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The Mystery of Three Quarters

From Wikipedia, the free encyclopedia

The Mystery of Three Quarters
Mystery of Three Quarters.jpg
AuthorSophie Hannah
CountryUnited Kingdom
SeriesHercule Poirot
GenreDetective, mystery
PublishedAugust 23, 2018 HarperCollins
Media typePrint (hardback and paperback)
Pages400 pp (first edition, hardcover)
Preceded byClosed Casket 
Followed byThe Killings at Kingfisher Hill 

The Mystery of Three Quarters[1][2] is a work of detective fiction by Sophie Hannah. It is the third in her series of Hercule Poirot novels, after being authorised by the estate of Agatha Christie to write new stories for the character. The previous two are The Monogram Murders (2014) and Closed Casket (2016).


Four people receive letters purporting to be from Hercule Poirot and accusing them each of the murder of Barnabas Pandy, a ninety-something businessman who drowned - accidentally, it seems - in his bath. Poirot has no knowledge of the letters, nor yet of the late Barnabas Pandy, until he is accosted by one of the recipients, society woman Sylvia Rule, before finding another, market trader John McCrodden, in his drawing room. As he begins to investigate the source of the letters with assistance from his young friend Edward Catchpool, a Scotland Yard detective, he comes into contact with the family of Pandy, which seems to be hiding secrets.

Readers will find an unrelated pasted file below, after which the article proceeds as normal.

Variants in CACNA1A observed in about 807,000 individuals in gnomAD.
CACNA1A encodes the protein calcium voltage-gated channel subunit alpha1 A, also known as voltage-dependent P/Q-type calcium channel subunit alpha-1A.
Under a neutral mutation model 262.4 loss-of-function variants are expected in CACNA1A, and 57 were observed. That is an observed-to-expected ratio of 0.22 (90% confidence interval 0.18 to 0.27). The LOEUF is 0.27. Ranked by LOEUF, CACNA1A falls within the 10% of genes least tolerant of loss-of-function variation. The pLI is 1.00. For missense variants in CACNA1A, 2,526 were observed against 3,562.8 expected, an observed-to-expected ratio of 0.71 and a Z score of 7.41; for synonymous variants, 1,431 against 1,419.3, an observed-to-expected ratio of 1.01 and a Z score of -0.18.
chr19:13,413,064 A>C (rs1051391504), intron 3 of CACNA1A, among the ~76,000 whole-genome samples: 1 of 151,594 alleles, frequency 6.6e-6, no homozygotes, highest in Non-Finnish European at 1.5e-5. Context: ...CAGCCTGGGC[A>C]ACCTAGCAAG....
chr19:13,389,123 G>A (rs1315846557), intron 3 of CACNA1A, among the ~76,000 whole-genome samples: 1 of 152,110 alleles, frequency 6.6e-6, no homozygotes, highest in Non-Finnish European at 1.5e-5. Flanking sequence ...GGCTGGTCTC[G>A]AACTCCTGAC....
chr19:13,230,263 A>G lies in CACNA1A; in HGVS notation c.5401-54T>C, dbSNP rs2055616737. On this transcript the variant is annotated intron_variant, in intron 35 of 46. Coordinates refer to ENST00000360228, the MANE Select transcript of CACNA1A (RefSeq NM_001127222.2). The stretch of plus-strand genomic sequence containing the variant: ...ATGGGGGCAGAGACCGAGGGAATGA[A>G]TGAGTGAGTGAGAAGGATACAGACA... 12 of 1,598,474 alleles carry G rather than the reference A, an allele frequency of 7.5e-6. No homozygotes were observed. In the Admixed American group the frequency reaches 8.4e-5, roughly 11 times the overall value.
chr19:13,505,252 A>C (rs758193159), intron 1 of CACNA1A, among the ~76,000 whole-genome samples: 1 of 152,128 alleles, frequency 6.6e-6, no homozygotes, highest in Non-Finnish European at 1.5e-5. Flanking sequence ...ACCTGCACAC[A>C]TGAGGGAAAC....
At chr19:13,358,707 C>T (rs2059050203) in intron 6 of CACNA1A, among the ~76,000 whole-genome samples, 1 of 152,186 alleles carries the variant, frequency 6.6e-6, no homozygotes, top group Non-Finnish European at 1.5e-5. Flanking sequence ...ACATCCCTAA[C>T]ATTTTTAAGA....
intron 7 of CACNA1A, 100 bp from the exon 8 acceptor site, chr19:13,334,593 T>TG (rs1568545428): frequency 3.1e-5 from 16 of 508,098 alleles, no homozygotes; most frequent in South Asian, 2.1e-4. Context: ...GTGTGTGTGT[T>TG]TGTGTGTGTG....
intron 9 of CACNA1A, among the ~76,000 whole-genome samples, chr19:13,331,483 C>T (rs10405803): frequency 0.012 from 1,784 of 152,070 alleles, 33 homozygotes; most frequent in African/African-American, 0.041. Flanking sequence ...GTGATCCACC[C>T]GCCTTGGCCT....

Explanation of the novel's title

Poirot refers to the case as "the mystery of three quarters" because, of the four people who received letters purporting to be from him, three are in some way connected to the late Barnabas Pandy, whose murder the letters accuse each one of. The fourth, however, is seemingly unconnected. Poirot, then, must figure out the relevance of the fourth person, or quarter. To symbolise the four quarters Poirot uses a slice of Church Window Cake, whose fourth square is separated from the other three.


Main characters

Recipients of the letters

  • Hugo Dockerill, housemaster to Pandy's great-grandson
  • John McCrodden, seemingly unconnected to Pandy
  • Sylvia Rule, mother of a boy in the same school house as Pandy's great-grandson
  • Annabel Treadway, Barnabas Pandy's granddaughter

Other characters

  • Kingsbury, Pandy's butler and closest friend
  • Ivy Lavington, Treadway's niece
  • Lenore Lavington, Ivy's mother
  • Timothy Lavington, Lenore's son
  • Rowland "Rope" McCrodden, John's father, a solicitor nicknamed "Rowland Rope" due to his preference for capital punishment
  • Freddy Rule, Sylvia's son and Timothy's classmate
  • Mildred Rule, Sylvia's daughter


  1. ^ "Review: The Mystery of Three Quarters by Sophie Hannah". Criminal Element. 27 August 2018. Retrieved 4 March 2019.
  2. ^ "THE MYSTERY OF THREE QUARTERS by Sophie Hannah - Kirkus Reviews". Retrieved 4 March 2019.

External links

This page was last edited on 11 February 2021, at 09:42
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